Apr
8
2015

Uniform care standards for dog breeding and raising are underway at the Purdue University Center for Animal Welfare Science. The standards, once complete, would also be useful in the development of a dog breeder accreditation or certification program that has piqued the interest of the U.S. Department of Agriculture (USDA). 

Candace C. Croney, PhD, director of the center and an associate professor of comparative pathobiology and animal science, told the American Veterinary Medical Association (AVMA) about her group’s intentions: to develop and test voluntary standards applicable at any scale of dog breeding 

“The end goal,” Croney told NEWStat, “is auditing by an independent third party and certification of breeders who meet the standards so that breeders who are doing well and voluntarily going well above minimum standards to ensure dog well-being can be distinguished.”

Croney also clarified the USDA’s role in the project. “The USDA, like several other organizations, is conceptually supportive of our efforts,” Croney told NEWStat.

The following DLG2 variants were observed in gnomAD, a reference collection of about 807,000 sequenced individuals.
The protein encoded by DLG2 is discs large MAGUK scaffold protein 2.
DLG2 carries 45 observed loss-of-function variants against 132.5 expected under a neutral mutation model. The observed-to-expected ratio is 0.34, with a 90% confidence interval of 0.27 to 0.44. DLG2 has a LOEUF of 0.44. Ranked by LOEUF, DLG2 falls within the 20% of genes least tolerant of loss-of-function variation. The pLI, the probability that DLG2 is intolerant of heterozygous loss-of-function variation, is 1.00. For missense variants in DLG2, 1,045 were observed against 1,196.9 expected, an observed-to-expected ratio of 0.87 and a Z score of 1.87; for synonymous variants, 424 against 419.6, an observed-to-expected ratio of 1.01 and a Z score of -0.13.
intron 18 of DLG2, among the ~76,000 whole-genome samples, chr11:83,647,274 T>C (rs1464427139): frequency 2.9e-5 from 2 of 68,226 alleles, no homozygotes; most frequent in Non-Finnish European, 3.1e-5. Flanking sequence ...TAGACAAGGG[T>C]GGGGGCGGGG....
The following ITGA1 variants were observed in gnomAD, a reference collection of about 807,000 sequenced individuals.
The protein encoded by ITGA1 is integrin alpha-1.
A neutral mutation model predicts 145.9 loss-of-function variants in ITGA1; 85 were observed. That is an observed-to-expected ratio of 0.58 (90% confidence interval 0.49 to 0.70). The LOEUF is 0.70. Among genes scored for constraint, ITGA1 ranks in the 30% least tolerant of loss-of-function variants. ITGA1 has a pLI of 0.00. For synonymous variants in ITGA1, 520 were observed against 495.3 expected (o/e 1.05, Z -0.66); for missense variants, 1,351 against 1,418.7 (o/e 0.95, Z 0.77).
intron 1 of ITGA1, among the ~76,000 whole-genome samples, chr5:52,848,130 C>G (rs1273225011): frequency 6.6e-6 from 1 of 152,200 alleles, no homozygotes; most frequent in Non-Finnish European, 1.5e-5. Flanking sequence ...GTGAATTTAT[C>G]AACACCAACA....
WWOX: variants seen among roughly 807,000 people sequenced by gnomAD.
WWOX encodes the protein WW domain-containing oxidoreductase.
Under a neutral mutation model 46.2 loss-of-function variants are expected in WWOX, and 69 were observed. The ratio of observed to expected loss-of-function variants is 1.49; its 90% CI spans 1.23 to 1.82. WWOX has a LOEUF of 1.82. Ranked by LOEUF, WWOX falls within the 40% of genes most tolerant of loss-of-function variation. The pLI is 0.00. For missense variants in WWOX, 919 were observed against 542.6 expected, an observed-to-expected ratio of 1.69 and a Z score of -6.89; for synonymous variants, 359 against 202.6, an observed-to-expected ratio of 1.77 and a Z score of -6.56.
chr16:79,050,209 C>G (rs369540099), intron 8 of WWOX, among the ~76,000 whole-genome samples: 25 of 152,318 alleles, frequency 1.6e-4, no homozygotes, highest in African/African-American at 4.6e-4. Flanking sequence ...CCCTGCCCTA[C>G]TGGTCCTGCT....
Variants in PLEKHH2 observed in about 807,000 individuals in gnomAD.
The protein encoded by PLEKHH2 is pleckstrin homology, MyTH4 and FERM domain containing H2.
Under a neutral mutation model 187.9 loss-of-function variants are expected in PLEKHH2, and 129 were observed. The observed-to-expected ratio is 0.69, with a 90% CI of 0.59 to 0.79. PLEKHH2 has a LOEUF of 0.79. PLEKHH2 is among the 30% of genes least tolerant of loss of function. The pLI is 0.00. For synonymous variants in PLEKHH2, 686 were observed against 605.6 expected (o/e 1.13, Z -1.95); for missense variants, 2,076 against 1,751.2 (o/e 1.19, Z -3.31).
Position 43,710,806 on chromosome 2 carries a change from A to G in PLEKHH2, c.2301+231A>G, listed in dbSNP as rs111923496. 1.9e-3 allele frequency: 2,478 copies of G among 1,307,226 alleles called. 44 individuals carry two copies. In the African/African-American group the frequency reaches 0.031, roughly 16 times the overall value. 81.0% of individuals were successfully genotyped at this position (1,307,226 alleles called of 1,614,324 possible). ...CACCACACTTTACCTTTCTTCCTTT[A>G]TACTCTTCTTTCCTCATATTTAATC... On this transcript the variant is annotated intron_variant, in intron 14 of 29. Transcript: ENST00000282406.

"USDA has also provided a research scientist to help conduct the studies need to fill scientific gaps needed for informed standards.”

Additionally, according to Croney, a representative group of breeders have seen the standards and provided candid feedback that helped improve the quality and clarity of the standards in several areas, as well as the process overall.

The project, which began last year, is projected for completion in late 2016.

The Pet Industry Joint Advisory Council, Pet Food Institute, and World Pet Association are funding the project. However, as Croney told NEWStat, “No organization, including the three funders has even seen a complete or current draft of the standards in order to maintain a credible process that is free of undue influence.” 

 

 

Comments (1) -

Arnold L. Goldman DVM, MPH
Arnold L. Goldman DVM, MPHUnited States
4/9/2015 3:59:29 PM #

This project has the potential to alter the conversation between the two very polarized sides of the dog source issue. With successful creation and implementation of comprehensive standards, those supporting freedom for acquisition of a purebred puppy and those supporting acquisition of only young adult or older shelter source dog can co-exist, absent further animosity. If USDA oversight will be based on these optimal standards, instead of existing minimal standards, it should be theoretically possible to acknowledge that puppy breeding businesses, properly run, can meet or exceed those standards and not be further characterized in pejorative terms. We can only hope.

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